The HSE looked into the accident and found that work carried on at the park in exactly the same way the next day despite the serious accident happening. They also found that a risk assessment carried out previously stated that harnesses needed to be used to complete the task.
The operators of Legoland – Merlin Attractions Operations Ltd – have been hit with a fine of £23,200 after admitting to breaking work at height regulations at court this month.
A work accident resulted in a man losing his thumb in a potato sorting machine whilst attempting to clear a blockage.
Brian Griffiths was at work at crisps manufacturer Sirhowy Valley Foods when he suffered the injury in December 2011. At the work premises in Newport, he was working on a potato sorting machine.
When the machine became blocked, Mr Griffiths attempted to clear the blockage whilst the machine was still running. He was wearing gloves whilst he was doing this and the material on them caught on the rollers. This pulled his hand into the machine and his thumb was severed.
The accident was investigated by the HSE who found the official company policy of using a long-handled pole to clear blockages was not always followed due to the need to sort the problem quickly.
The HSE brought a prosecution against Sirhowy Valley Foods for breaking work equipment regulations. They stated that the man’s injury could have been easily avoided had the machine been guarded and a safe system of work put in place to clear blockages. The firm pleaded guilty and were fined £8,000 on Monday.
A joiner has been awarded compensation after suffering a serious allergic reaction to a certain kind of hardwood dust.
Brian Ogden made the claim against his brother’s company, Classic Joinery Manufacturers, who he had been working for from 1984. He first noticed problems with the dust of Iroko hardwood timber over 20 years ago.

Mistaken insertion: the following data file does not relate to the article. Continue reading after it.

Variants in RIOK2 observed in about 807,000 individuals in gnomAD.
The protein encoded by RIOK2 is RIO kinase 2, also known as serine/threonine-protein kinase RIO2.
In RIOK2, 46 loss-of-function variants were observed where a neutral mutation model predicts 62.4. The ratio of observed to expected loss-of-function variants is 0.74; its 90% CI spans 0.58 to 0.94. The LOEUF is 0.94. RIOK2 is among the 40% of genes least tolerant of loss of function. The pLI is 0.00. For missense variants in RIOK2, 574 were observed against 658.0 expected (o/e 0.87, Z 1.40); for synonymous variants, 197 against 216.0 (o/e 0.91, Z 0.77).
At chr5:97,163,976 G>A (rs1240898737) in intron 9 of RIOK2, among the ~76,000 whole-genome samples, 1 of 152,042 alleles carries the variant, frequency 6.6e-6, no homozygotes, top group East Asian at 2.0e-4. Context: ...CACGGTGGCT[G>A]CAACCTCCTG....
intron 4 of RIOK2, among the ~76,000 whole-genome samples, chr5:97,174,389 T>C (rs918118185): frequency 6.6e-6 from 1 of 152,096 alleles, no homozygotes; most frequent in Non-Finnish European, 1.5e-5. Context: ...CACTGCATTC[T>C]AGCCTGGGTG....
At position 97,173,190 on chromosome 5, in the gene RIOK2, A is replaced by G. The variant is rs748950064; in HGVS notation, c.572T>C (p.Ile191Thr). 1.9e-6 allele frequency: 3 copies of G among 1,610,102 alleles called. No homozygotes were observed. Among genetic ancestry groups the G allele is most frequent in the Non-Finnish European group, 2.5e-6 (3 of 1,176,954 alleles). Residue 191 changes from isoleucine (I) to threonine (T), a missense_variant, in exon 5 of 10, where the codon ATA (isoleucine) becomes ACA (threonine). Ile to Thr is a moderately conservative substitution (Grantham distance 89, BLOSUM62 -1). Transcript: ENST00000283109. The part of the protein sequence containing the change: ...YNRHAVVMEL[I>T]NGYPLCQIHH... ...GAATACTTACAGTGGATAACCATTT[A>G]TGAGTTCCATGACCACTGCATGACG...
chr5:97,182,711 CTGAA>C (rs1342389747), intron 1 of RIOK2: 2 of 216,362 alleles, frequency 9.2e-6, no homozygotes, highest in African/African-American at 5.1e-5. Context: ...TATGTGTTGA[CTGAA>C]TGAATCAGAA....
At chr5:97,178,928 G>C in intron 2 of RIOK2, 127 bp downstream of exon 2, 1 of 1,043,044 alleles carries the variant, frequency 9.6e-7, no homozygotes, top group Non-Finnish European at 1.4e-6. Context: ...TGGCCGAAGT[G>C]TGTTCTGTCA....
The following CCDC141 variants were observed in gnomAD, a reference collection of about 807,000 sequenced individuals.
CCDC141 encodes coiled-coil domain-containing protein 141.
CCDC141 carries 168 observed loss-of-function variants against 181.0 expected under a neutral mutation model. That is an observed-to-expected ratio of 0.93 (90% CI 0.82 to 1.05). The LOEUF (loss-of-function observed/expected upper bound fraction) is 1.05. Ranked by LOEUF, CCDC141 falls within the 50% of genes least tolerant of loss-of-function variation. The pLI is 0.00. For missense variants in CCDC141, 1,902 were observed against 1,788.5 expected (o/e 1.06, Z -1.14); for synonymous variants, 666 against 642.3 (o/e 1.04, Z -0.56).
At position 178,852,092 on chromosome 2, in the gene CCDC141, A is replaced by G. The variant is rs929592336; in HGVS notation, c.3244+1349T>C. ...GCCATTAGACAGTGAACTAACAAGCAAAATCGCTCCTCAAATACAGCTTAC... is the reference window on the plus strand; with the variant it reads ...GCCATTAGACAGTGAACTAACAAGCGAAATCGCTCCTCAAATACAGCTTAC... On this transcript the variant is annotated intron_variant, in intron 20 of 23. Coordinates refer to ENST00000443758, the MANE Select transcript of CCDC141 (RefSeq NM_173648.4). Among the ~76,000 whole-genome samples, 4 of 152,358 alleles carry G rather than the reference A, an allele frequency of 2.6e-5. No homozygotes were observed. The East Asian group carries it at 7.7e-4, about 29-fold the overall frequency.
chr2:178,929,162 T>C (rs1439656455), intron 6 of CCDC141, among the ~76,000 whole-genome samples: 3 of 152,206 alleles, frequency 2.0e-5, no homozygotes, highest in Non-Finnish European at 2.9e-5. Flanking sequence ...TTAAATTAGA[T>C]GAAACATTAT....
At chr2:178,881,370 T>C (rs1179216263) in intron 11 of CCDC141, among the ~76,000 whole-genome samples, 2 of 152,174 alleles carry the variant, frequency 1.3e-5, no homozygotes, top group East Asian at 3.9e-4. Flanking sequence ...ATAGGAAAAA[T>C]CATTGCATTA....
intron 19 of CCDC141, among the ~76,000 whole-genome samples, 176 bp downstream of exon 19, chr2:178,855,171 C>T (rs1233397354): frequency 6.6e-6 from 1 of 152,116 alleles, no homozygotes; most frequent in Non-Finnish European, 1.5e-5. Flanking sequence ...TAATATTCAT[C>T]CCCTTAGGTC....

Inhalation of the Iroko dust caused Mr Ogden breathing difficulties and irritation to his throat and nose.
When the company undertook a large project using Iroko wood back in 2008, Mr Ogden told management of his allergy to the dust. He was provided with an air-filter mask but within days he became seriously ill.
He was taken to hospital with breathing problems and swelling to his face and eyes. He returned to work and was given a more expensive mask. He had problems again however when the battery on the new mask was not replaced.
The Manchester Evening News reports that he has now received compensation from the insurers of the company. The company went into liquidation in 2009 and Mr Ogden now reportedly works as a building skills teacher.
A paint manufacturer has been fined after one of its workers needed a back brace after being injured in a fall.
An accident happened at the premises of Intercoat Industrial Paints Ltd in Walsall during December 2011. Brian Sparrow was working to install a mezzanine floor some three metres above the ground.
The incident occurred when Mr Sparrow fell from an unguarded edge during this work. He had completed the framework for the floor and was attempting to fit metal plates onto this framework when he fell.
The fall caused Mr Sparrow to fracture two vertebrae. This injury required him to wear a back brace to help keep his back straight. On top of this, he suffered numerous minor injuries such as a bruised shoulder and broken tooth. He has been unable to return to work so far because of the injuries he suffered.
An investigation was carried out by the Health and Safety Executive into the accident and the work to build the floor. It was discovered that the floor installation had not been properly planned, risk assessed or supervised. For example, employees were allowed to continue to work beneath the floor during its construction.
After a hearing at Walsall Magistrates’ Court this week, a HSE inspector stated that the accident was entirely preventable. After an admission by the company to breaking health and safety law, a fine of £3,000 was issued by magistrates.